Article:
Monday, 14 October 2019

SEASONAL

Some flowers in our garden, which is now all abloom with springtime vigour:
Geranium 'Johnson's Blue'; Krantz Aloe; Pansies.

This post is part of the Mosaic Monday meme,
and also part of the Blue Monday meme,
and also part of the Seasons meme.

Saturday, 12 October 2019

DUCKLINGS

The chestnut teal duck (Anas castanea) is a dabbling duck found in Australia. Males have a distinctive green head. It's duckling season now and the proud father is looking after the children...

This post is part of the Saturday Critters meme,
and also part of the Camera Critters meme.



Thursday, 10 October 2019

ST JOHN'S WORT

Hypericum perforatum, also known as St John's wort, is a flowering plant species of the genus Hypericum and a medicinal herb that is sold over-the-counter as a treatment for depression. Other names for it include Tipton's weed, rosin rose, goatweed, chase-devil, or Klamath weed. With qualifiers, St John's wort is used to refer to any species of the genus Hypericum. Therefore, H. perforatum is sometimes called common St John's wort or perforate St John's wort to differentiate it.

Hypericum is classified in the family Hypericaceae, having previously been classified as Guttiferae or Clusiaceae. Approximately 370 species of the genus Hypericum exist worldwide with a native geographical distribution including temperate and subtropical regions of Europe, Turkey, Ukraine, Russia, Middle East, India, and China. St John's wort is a perennial plant with extensive, creeping rhizomes. Its stems are erect, branched in the upper section, and can grow to 1 m high.

It has opposing, stalkless, narrow, oblong leaves that are 12 mm long or slightly larger. The leaves are yellow-green in colour, with transparent dots throughout the tissue and occasionally with a few black dots on the lower surface. Leaves exhibit obvious translucent dots when held up to the light, giving them a ‘perforated’ appearance, hence the plant's Latin name.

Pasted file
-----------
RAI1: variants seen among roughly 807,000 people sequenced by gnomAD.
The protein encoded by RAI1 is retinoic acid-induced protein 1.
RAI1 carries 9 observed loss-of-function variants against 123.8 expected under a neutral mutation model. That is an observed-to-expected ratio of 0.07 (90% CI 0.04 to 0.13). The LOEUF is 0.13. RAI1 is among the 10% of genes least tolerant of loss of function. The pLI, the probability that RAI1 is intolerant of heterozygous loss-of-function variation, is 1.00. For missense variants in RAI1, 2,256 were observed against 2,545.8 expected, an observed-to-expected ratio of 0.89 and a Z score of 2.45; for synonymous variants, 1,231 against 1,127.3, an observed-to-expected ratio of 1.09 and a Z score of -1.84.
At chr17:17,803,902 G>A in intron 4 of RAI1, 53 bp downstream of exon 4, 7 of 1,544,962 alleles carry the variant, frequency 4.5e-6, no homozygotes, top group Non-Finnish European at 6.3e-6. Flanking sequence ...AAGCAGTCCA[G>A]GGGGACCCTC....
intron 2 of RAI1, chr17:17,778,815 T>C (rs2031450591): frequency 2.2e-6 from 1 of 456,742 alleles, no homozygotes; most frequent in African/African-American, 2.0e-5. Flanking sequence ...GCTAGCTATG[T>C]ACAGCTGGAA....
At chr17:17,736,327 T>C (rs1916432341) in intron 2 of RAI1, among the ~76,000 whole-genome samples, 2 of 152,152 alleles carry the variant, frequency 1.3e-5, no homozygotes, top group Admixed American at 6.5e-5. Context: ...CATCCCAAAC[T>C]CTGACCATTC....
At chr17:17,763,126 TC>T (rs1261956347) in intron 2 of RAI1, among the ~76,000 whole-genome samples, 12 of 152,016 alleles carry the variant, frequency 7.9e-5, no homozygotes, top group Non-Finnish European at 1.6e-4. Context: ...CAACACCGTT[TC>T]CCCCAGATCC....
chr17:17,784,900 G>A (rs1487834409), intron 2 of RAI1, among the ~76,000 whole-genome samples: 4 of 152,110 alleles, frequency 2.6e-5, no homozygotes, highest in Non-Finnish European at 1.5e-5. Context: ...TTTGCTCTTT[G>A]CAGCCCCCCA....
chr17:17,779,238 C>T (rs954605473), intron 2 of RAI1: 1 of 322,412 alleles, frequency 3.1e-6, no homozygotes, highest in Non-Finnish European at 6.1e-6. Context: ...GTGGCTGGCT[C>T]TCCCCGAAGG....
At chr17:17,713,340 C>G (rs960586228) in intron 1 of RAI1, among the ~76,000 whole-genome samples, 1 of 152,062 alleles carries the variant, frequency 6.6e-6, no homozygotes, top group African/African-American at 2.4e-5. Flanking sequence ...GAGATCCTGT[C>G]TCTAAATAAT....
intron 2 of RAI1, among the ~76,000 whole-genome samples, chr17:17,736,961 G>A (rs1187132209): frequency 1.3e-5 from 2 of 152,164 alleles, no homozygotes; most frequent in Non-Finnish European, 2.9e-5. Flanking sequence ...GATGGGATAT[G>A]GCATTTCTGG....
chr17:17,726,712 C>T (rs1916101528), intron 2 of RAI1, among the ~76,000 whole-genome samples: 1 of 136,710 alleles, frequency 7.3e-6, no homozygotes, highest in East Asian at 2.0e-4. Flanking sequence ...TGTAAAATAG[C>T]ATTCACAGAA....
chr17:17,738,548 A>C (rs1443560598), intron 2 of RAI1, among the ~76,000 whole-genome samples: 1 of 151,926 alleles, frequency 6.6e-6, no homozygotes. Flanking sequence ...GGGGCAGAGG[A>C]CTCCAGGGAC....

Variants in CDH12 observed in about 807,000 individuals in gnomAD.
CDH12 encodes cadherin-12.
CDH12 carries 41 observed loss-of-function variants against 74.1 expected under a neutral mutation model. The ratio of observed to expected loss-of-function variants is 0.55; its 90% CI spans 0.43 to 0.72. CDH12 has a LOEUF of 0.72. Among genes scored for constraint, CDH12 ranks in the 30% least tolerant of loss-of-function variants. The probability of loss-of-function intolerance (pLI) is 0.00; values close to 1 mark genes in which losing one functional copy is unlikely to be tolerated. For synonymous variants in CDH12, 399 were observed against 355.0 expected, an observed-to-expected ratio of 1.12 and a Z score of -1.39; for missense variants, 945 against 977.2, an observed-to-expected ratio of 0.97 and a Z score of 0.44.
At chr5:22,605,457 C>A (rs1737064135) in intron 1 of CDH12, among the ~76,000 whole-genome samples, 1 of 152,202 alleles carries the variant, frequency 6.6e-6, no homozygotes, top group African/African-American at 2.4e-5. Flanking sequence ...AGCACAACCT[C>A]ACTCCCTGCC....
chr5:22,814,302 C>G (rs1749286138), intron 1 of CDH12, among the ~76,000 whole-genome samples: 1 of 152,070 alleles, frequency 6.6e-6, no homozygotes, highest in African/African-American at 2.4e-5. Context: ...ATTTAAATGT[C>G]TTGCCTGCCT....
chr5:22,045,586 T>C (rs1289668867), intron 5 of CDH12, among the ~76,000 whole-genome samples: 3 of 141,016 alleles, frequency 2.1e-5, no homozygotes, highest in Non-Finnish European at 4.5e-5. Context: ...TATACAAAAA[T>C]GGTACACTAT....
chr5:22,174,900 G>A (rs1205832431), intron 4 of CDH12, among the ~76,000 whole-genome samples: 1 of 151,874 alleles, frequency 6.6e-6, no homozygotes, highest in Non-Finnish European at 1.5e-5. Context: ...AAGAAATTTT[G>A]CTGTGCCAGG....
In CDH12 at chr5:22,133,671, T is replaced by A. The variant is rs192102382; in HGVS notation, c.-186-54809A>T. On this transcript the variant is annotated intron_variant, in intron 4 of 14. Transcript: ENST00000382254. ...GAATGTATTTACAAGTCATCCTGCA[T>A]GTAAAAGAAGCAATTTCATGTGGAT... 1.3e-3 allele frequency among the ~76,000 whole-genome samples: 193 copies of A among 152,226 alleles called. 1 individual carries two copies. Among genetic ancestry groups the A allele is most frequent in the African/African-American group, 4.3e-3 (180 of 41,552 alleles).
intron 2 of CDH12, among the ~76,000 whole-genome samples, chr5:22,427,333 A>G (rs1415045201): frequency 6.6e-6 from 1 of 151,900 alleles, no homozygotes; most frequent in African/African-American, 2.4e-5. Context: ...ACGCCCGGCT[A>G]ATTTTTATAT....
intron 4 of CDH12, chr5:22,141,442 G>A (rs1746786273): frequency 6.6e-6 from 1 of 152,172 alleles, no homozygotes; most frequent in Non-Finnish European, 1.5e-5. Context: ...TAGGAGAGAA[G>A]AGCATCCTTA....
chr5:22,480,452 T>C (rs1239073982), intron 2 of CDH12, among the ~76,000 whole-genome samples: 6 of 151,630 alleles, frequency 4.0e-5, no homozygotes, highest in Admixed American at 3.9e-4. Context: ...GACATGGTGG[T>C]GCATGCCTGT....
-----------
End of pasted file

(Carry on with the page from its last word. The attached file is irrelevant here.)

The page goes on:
Its flowers measure up to 2.5 cm across, have five petals, and are coloured bright yellow with conspicuous black dots. The flowers appear in broad cymes at the ends of the upper branches, between late spring and early to mid summer. The sepals are pointed, with glandular dots in the tissue. There are many stamens, which are united at the base into three bundles. The pollen grains are ellipsoidal. When flower buds (not the flowers themselves) or seed pods are crushed, a reddish/purple liquid is produced.

This post is part of the Floral Friday Fotos meme.

Wednesday, 9 October 2019

NATTIER & HIS BLUE

Jean-Marc Nattier (17 March 1685 – 7 November 1766), French painter, was born in Paris, the second son of Marc Nattier (1642–1705), a portrait painter, and of Marie Courtois (1655–1703), a miniaturist. He is noted for his portraits of the ladies of King Louis XV's court in classical mythological attire.

He received his first instruction from his father, and from his uncle, the history painter Jean Jouvenet (1644–1717). He enrolled in the Royal Academy in 1703 and applied himself to copying pictures in the Luxembourg Palace, making a series of drawings of the Marie de Médici painting cycle by Peter Paul Rubens. The publication (1710) of engravings based on these drawings made Nattier famous, but he declined to proceed to the French Academy in Rome, though he had taken the first prize at the Paris Academy at the age of fifteen.

In 1715 he went to Amsterdam, where Peter the Great was then staying, and painted portraits of the tsar and the empress Catherine, but declined an offer to go to Russia. Nattier aspired to be a history painter. Between 1715 and 1720 he devoted himself to compositions like the "Battle of Pultawa", which he painted for Peter the Great, and the "Petrification of Phineus and of his Companions", which led to his election to the Academy.